What causes repetitive motor behaviours in individuals with autism spectrum disorders?

Medical experts believe that one of the causes of these repetitive behaviours is due to alterations at a genetic level. Motor reflexes that are essential for an individual's normal development come under voluntary control as the individual grows. Motor repetitive behaviours usually disappear by age 4-6 years in general. Still, in individuals with autism spectrum disorders, gene alterations cause the persistence of these motor reflexes from early childhood into adulthood without any voluntary control. 
In individuals with autism spectrum disorders, repetitive behaviours may be seen constantly or may only be seen when the individual is stressed. Repetitive behaviours can help to calm an individual with autism when they are exposed to external stimuli, causing high sensory input. The repetitive behaviours help the individual block out the sensory input and divert their attention to something familiar, which helps them calm down and not react violently or aggressively.

Are autism repetitive behaviours harmful?

Not all repetitive behaviours are harmful; in some individuals, they may even serve a purpose. Repetitive behaviours such as head banging or biting can lead to self-harm and be considered harmful. But, most repetitive behaviours are harmless, and higher order repetitive behaviours may even benefit some, as they can help them find a purpose or get along with other individuals who share the same interests.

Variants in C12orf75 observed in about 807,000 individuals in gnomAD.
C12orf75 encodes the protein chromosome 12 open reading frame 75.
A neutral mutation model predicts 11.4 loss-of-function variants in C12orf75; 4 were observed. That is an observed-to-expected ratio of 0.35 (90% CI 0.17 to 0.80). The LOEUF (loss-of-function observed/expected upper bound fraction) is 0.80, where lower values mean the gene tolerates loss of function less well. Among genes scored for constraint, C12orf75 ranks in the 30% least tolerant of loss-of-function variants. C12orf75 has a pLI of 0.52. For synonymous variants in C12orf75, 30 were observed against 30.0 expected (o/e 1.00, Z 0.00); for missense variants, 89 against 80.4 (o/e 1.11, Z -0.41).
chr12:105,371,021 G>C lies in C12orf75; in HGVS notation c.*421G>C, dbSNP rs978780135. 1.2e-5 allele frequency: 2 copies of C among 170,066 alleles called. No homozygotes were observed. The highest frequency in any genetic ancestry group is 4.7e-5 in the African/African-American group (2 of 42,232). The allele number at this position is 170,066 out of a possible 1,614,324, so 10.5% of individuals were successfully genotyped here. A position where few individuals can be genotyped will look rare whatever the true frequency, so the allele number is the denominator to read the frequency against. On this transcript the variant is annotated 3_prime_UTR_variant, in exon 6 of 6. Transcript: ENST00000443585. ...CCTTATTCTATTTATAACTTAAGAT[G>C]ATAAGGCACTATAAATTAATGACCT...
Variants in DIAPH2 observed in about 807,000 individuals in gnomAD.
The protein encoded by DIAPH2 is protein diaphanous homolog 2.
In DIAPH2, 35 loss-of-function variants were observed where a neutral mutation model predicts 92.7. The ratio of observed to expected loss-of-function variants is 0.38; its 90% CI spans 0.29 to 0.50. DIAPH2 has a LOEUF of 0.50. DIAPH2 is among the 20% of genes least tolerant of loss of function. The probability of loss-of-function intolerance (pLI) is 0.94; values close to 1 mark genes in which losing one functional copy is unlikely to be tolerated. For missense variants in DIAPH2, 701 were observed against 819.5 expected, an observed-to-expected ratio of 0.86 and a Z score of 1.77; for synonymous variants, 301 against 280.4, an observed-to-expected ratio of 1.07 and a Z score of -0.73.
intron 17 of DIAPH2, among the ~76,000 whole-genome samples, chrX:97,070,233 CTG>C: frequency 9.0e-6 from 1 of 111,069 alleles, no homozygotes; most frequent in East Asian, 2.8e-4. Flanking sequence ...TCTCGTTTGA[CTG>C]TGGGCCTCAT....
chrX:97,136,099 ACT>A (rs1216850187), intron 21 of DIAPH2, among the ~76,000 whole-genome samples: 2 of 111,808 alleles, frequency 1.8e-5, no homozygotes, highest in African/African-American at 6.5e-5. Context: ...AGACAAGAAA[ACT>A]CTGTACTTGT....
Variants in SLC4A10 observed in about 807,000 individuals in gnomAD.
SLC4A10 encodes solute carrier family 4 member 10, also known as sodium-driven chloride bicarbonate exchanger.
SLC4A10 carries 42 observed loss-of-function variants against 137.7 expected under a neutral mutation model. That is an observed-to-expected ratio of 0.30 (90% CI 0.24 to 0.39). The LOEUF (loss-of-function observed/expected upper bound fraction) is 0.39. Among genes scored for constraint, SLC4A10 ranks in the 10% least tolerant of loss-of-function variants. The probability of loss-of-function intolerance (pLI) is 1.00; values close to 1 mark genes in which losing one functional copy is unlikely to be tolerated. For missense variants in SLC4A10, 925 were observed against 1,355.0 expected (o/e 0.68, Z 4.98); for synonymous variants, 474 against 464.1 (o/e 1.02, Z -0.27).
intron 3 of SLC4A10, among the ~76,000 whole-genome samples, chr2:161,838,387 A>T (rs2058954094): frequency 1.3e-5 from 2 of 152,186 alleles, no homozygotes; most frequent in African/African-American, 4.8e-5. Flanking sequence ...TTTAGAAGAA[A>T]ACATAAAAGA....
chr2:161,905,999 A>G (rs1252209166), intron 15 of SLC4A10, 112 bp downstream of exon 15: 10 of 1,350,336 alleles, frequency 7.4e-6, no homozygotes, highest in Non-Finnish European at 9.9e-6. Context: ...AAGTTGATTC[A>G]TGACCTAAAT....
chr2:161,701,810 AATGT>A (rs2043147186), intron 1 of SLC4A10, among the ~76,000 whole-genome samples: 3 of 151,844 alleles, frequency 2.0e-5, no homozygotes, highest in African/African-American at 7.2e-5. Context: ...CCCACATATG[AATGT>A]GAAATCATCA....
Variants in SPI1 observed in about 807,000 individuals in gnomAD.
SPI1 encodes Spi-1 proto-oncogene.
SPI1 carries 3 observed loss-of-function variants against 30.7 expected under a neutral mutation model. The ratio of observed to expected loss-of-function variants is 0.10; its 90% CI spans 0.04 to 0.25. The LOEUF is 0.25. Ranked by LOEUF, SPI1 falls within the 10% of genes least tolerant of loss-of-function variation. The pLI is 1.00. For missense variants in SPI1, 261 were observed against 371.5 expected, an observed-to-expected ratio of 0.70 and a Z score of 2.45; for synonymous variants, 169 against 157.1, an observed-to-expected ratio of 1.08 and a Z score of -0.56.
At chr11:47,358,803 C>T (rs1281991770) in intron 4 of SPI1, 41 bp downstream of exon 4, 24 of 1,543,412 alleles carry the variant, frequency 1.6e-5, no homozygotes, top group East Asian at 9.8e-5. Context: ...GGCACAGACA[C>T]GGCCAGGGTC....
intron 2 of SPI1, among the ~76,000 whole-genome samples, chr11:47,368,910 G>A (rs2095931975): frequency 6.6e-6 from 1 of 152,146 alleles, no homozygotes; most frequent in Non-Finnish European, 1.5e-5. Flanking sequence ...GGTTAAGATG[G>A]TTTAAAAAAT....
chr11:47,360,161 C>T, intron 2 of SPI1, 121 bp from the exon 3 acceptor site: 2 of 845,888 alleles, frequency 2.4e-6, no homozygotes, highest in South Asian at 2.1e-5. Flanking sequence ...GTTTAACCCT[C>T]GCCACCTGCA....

However, repetitive behaviours could distract or impede normal social interactions, as these behaviours would either interfere with normal activity or make other people uncomfortable when interacting with the individual. The effects of repetitive behaviours can include

  • Difficulties with daily activities 
  • Negative effect on social interactions 
  • Negative effect on communication 

What can address repetitive behaviours in individuals with autism spectrum disorders?

While there may not be a need to stop or address a repetitive behaviour in general, an intervention may be necessary if the repetitive behaviour is likely to cause self harm. Some measures that can help with the management of repetitive behaviours include 

  • Behavioural Therapy – Can help the individual overcome these actions
  • Integration Therapy – Can help the individual gain self-control and reduce stress
  • Higher Order behaviours can be channelled into rewarding activities that can help the individual in the long run
  • Medications – This may be required to manage repetitive behaviours triggered by stress or anxiety. 

When the signs or symptoms of autism are noticed in a child, it is advisable to seek a consultation with a psychiatrist nearby. Individuals with autism spectrum disorders can greatly benefit when the child receives early interventions to help them with their condition and when parents are advised and educated about what needs to be done to provide their child with a safe environment to grow and develop.